On the safety side, lumping flu and covid vaccines together as ‘seasonal vaccines have proven safety records’ completely overlooks the ever-increasing evidence that mRNA vaccines have an appalling safety track record, too big a topic for this particular article.
What about children?
When it comes to flu immunisations for children, we enter even murkier, ethical territory.
As Sally Beck points out in a recent article in TCW, schoolchildren are primarily being given the ‘FluMist’ vaccine to protect babies and the elderly. The live attenuated intranasal vaccine (LAIV) appears to be more ‘effective’ than the intramuscular dose used in vulnerable adults, in part because it targets the entry point for flu viruses rather than stimulating antibodies against viruses reaching the blood stream.
But because the nasal vaccine is a ‘live attenuated’ vaccine, it is not suitable for those with a poorer immune system. Listed in the bnfc as common or very common side effects for all live vaccines are: abdominal pain; arthralgia; diarrhoea; fever; headache; myalgia; nausea; skin reactions; vomiting with a bonus of ‘nasal symptoms’ for the live flu vaccine. Other potential side effects include an increase in nasal carriage of other organisms, such as streptococci and haemophilus influenzae. Other side-effects listed include wheezing and children with severe asthma are advised to speak to their doctor! Many parents have reported an increase in school absence in the days after the vaccine and concerns have been raised that children whose parents declined the vaccine would nonetheless be exposed via their class mates, but data on this is not forthcoming.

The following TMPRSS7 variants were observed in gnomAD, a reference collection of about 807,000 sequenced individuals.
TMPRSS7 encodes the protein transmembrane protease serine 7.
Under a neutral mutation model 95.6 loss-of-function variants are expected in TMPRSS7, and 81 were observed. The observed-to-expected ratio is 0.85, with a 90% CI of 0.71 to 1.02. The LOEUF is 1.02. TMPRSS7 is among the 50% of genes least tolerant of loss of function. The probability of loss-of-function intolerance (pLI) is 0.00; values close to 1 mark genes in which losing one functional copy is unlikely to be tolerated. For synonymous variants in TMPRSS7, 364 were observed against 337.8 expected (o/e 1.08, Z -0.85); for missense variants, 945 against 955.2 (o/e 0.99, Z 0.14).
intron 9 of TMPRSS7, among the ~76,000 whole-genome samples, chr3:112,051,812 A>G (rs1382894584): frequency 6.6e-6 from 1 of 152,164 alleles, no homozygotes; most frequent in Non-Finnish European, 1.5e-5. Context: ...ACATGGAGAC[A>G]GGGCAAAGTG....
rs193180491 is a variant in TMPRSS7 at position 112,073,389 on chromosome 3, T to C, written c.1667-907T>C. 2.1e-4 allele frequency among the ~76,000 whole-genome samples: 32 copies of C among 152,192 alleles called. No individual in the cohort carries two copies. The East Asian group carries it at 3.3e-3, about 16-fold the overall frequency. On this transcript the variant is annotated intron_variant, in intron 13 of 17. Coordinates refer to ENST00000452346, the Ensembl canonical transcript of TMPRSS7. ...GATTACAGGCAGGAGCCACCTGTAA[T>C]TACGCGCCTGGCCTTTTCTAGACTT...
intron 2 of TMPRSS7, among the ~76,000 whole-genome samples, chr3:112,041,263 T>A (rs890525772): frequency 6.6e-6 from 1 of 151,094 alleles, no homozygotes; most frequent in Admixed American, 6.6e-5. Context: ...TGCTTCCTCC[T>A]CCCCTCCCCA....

LAIV is specifically contra-indicated in the immunocompromised. The UKHSA guidance for healthcare practitioners specifically states: ‘If the child is a household contact of a very severely immunosuppressed individual (for example bone marrow transplant patients requiring isolation) an inactivated flu vaccine should be given instead of LAIV.’ This begs the question of whether it is suitable to give the programme in schools, where individual informed consent may be sketchy. We have previously discussed whether school premises are really suitable for vaccinations.
Fortunately, healthy children are not being recommended to take a covid booster, indeed no healthy under 65s are even eligible for a primary course now (if anyone originally unvaccinated should change their minds – an improbable scenario) But for children with health vulnerabilities, concerns about effects of repeated boosters on immune function (see examples here and here) are highly relevant. And for any teenager being tempted to take a booster to protect an immunocompromised household contact, just look back at Figure 1 above and ask yourself how taking this vaccine protects anyone.
Perhaps the best judgement on flu and covid vaccines comes from NHS staff, of whom by late November only 28% had taken a flu jab and a mere 21% had taken a covid booster.